The short answer to this question is “Yes.”
As we communicated during this year’s town hall meetings, the business environment is showing measurable signs of improvement. In fact, I am pleased to report that thanks to your efforts the firm is slightly ahead of plan. So by year-end, we fully expect that the pickup in market and business conditions will drive compensation increases for the vast majority of our people. Also, assuming we meet our plan, as we are on track to do, our goal is to enhance our variable compensation pool from last year—meaning higher bonuses than last year for EP performers as well as bonuses for deserving SP performers. Assuring that we recognize and reward our best performers is an integral element of our compensation philosophy and a critical ingredient of the high-performance culture we intend to maintain.
We are optimistic. But along with this optimism, we must maintain realistic expectations. Keep in mind that our FY10 plan is more challenging in the second half, and reliant on significantly improved performance in the spring and summer.
What does this mean? It means that now more than ever, we must come together as a team to do our best work and make 2010 a successful year—one that brings the improved business results that enable us to restore the financial rewards that we all desire. If you’re in Audit, Tax, or Advisory, it means driving business and providing the highest-quality service to clients. If you’re in a Client Service Support role, it means providing our professionals and teams with effective tools, resources, and information they need to win business and deliver excellent service to clients. And all of us need to continue our Spend Smart efforts and do our parts to drive efficiencies in the way we operate.
Whatever the remainder of 2010 brings, you can be sure that KPMG remains committed to its philosophy of providing our people with an attractive and competitive total compensation package that differentiates exceptional performers with superior rewards. And, we remain fully committed to being an Employer of Choice and a great place to build your career.
Thanks for all your contributions to our firm’s success.
Compensation Watch ’10: Ernst & Young Still Planning on Merit Increases
A little more from inside E&Y to round out the week. We got a tip earlier in the week that there was an oddly-timed town hall going on in Chicago this week. Our tipster indicated that the meetings usually occur after the June 30 year-end or in September.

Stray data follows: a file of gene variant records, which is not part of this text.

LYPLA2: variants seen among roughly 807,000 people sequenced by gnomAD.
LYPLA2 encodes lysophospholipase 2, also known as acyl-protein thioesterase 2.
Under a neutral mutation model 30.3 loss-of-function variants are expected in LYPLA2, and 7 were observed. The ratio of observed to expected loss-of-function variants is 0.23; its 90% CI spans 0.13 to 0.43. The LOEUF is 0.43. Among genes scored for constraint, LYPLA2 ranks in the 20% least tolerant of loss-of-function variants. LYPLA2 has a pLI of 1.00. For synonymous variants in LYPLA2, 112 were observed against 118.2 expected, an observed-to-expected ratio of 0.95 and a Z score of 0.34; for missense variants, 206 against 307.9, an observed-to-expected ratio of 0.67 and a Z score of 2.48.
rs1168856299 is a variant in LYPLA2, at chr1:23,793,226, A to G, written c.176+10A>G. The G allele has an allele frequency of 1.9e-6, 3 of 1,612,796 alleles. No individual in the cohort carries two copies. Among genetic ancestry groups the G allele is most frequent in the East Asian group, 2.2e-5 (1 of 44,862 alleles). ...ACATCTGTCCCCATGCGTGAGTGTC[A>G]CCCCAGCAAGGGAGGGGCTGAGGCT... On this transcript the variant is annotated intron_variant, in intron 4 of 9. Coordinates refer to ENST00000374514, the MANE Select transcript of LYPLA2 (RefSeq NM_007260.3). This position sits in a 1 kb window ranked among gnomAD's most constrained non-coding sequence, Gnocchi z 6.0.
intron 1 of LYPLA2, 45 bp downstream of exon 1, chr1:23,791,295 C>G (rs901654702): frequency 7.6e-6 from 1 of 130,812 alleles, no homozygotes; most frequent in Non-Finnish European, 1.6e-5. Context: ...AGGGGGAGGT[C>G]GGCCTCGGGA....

We asked around and from the sounds of it, the meeting amounted to an extremely sober pep rally. The need for a little HR cheerleading is completely understandable, considering the month E&Y has had.
“[T]hey just talked about how they know morale is down, yet no plans for how to fix it. Additionally, they said there would be raises this year, but no mention of how large or small…[and] your basic HR ‘Thank’s for your help’ stuff.”
We haven’t heard the details for the cause “low morale” but it’s quite possible that it could be due, at least in part, to the ehmanlay rothersbay uckshowfay. Plus, busy season is in the home stretch and most people are just over it at this point. As far as fix for morale, our suggestions of Canadidan Tuxes, Timberlands and Hitler videos are obviously being ignored with extreme prejudice. We’re all out of suggestions. Maybe they aren’t the best ideas but at least we’re trying.
The silver lining here is that comp increases are still on the agenda after the initial announcement made by Steve Howe back in January. If they go back on this promise — we’re confident they won’t — you can just blame it on Dick Fuld.
Compensation Watch ’10: PwC Moving Up Adjustment Date?
There’s been some whispering about PwC moving up its compensation and adjustment time frame from September to July and that’s got people curious.
At first glance this makes sense because the firm has a June 30 fiscal year-end. PLUS! Since Bob Moritz has already made it abundantly clear that there will be raises for 2010 we figure everyone would be excited to hear that the bumps would be coming a little earlier this year.
However, since everyone likes to jump to conclusions over the slightest little change, we’ll indulge. There have already been whispers of layoffs at PwC here and there but nothing that we’ve been able to confirm so people are probably antsy. And if the adjustment date is moved up we’re sure people are worried that means layoffs will be happening sooner rather than later. We can’t read anyone’s mind but we’re thinking this should be in the ballpark…
But if you’re anxiety is well founded, tell us why or get in touch.
UPDATE, a shade before 1 pm: One of our sources inside PwC shared their thoughts with us:
I think the overall feeling was positive…it will probably make some people happy (depending on the %) and hopefully limit the higher performers from going out into the market, however, it may also help some people look for jobs sooner (i.e. they don’t have to wait until September now, if the raises are low). Most people still have a lot of questions, including the estimate of the increase for each band of the rating system, what the bonus pool is going to look like, and although that is not being paid until September, whether we will know what the bonus amounts are in July.
The Job Outlook Is Good for Accountants…But More Competitive
With one major deadline passed and two more coming up next week, some of you might be thinking about your employment options. It’s a common occurrence post-busy season to reflect on the past three-ish months, contact a recruiter and explore your options.